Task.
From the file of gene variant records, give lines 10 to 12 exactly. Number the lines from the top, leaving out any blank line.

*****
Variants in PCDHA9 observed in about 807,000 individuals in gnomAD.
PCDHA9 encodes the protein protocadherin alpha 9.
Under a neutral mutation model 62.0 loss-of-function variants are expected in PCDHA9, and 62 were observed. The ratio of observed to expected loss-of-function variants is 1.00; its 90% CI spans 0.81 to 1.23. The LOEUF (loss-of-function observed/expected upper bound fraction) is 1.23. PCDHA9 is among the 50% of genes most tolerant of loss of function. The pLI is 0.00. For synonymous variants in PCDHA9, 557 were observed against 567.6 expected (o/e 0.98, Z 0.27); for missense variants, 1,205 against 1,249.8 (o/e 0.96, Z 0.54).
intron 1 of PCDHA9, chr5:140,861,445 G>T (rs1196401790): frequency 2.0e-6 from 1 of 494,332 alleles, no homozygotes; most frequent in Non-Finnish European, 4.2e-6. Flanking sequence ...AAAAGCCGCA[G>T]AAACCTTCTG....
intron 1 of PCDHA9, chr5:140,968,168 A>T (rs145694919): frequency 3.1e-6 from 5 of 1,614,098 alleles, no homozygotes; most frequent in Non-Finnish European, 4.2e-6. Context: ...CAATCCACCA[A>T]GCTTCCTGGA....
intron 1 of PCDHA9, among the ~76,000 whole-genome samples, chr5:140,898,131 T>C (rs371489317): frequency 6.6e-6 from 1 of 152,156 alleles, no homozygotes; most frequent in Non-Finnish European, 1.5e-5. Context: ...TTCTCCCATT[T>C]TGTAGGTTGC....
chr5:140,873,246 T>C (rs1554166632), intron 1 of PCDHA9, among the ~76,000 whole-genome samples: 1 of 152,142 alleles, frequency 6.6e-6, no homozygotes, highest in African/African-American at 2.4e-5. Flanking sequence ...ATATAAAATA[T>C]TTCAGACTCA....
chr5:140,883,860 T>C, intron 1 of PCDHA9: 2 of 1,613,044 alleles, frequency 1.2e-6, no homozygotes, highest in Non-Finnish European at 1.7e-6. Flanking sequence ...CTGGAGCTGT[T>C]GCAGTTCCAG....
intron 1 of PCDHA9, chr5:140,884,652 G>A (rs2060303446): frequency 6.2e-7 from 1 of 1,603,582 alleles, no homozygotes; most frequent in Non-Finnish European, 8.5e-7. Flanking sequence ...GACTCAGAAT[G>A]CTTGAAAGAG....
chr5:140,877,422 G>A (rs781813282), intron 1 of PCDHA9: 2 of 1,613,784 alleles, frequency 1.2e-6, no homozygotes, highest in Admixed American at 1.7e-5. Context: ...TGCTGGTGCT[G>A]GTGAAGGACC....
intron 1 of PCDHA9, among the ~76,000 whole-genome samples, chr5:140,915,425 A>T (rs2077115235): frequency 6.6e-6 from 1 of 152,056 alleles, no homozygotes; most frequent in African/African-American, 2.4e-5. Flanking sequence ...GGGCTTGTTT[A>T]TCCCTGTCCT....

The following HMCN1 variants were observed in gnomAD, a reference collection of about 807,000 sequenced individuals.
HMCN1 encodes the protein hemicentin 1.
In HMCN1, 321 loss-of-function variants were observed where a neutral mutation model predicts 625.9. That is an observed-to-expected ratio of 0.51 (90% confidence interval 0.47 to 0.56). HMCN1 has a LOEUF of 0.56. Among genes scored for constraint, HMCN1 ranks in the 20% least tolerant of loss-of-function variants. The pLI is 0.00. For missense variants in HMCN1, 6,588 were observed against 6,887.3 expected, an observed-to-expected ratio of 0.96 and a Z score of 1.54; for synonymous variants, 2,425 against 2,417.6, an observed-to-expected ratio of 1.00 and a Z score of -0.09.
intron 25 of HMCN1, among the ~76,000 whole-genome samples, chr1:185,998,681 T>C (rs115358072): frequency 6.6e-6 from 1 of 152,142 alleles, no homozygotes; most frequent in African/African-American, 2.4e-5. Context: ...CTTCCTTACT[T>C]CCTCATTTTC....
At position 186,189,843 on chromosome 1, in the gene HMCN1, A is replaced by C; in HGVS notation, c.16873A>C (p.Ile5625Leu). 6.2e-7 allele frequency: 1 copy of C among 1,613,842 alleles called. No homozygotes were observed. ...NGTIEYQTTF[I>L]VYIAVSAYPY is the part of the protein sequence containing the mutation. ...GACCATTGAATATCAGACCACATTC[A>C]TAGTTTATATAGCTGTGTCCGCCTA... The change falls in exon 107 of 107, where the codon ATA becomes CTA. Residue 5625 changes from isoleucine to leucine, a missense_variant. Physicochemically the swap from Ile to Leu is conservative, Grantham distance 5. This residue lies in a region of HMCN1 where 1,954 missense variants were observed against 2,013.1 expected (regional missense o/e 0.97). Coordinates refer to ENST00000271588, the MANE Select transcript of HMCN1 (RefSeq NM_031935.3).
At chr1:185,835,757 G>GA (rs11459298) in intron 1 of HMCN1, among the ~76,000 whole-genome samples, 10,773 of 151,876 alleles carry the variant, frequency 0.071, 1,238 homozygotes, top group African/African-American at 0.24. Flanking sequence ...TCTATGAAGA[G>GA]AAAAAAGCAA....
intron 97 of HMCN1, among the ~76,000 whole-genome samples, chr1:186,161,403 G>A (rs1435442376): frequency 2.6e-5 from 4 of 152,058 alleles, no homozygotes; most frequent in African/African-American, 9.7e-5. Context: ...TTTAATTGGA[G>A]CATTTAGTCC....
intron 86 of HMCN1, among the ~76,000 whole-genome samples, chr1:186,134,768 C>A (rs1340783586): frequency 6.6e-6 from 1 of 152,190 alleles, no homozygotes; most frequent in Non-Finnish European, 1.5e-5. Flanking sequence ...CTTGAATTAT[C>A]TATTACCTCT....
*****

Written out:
chr5:140,877,422 G>A (rs781813282), intron 1 of PCDHA9: 2 of 1,613,784 alleles, frequency 1.2e-6, no homozygotes, highest in Admixed American at 1.7e-5. Context: ...TGCTGGTGCT[G>A]GTGAAGGACC....
intron 1 of PCDHA9, among the ~76,000 whole-genome samples, chr5:140,915,425 A>T (rs2077115235): frequency 6.6e-6 from 1 of 152,056 alleles, no homozygotes; most frequent in African/African-American, 2.4e-5. Flanking sequence ...GGGCTTGTTT[A>T]TCCCTGTCCT....

The following HMCN1 variants were observed in gnomAD, a reference collection of about 807,000 sequenced individuals.